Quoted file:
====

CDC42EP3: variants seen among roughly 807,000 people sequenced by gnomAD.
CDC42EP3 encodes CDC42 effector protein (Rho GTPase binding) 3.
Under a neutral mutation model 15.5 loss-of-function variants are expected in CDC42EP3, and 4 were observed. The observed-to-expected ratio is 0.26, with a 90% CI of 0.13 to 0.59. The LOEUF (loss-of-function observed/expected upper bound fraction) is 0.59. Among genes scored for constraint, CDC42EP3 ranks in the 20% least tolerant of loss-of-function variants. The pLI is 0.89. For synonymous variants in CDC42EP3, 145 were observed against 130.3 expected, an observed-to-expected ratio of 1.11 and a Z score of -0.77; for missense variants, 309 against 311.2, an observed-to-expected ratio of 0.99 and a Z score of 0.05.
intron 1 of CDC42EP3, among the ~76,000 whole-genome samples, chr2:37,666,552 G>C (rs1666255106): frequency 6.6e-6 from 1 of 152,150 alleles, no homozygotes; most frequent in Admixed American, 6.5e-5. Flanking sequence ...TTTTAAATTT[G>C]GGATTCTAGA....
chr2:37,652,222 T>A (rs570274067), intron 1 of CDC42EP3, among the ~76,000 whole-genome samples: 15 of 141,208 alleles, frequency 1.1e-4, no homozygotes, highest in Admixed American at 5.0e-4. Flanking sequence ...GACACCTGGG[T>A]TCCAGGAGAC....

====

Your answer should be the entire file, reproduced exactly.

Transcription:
CDC42EP3: variants seen among roughly 807,000 people sequenced by gnomAD.
CDC42EP3 encodes CDC42 effector protein (Rho GTPase binding) 3.
Under a neutral mutation model 15.5 loss-of-function variants are expected in CDC42EP3, and 4 were observed. The observed-to-expected ratio is 0.26, with a 90% CI of 0.13 to 0.59. The LOEUF (loss-of-function observed/expected upper bound fraction) is 0.59. Among genes scored for constraint, CDC42EP3 ranks in the 20% least tolerant of loss-of-function variants. The pLI is 0.89. For synonymous variants in CDC42EP3, 145 were observed against 130.3 expected, an observed-to-expected ratio of 1.11 and a Z score of -0.77; for missense variants, 309 against 311.2, an observed-to-expected ratio of 0.99 and a Z score of 0.05.
intron 1 of CDC42EP3, among the ~76,000 whole-genome samples, chr2:37,666,552 G>C (rs1666255106): frequency 6.6e-6 from 1 of 152,150 alleles, no homozygotes; most frequent in Admixed American, 6.5e-5. Flanking sequence ...TTTTAAATTT[G>C]GGATTCTAGA....
chr2:37,652,222 T>A (rs570274067), intron 1 of CDC42EP3, among the ~76,000 whole-genome samples: 15 of 141,208 alleles, frequency 1.1e-4, no homozygotes, highest in Admixed American at 5.0e-4. Flanking sequence ...GACACCTGGG[T>A]TCCAGGAGAC....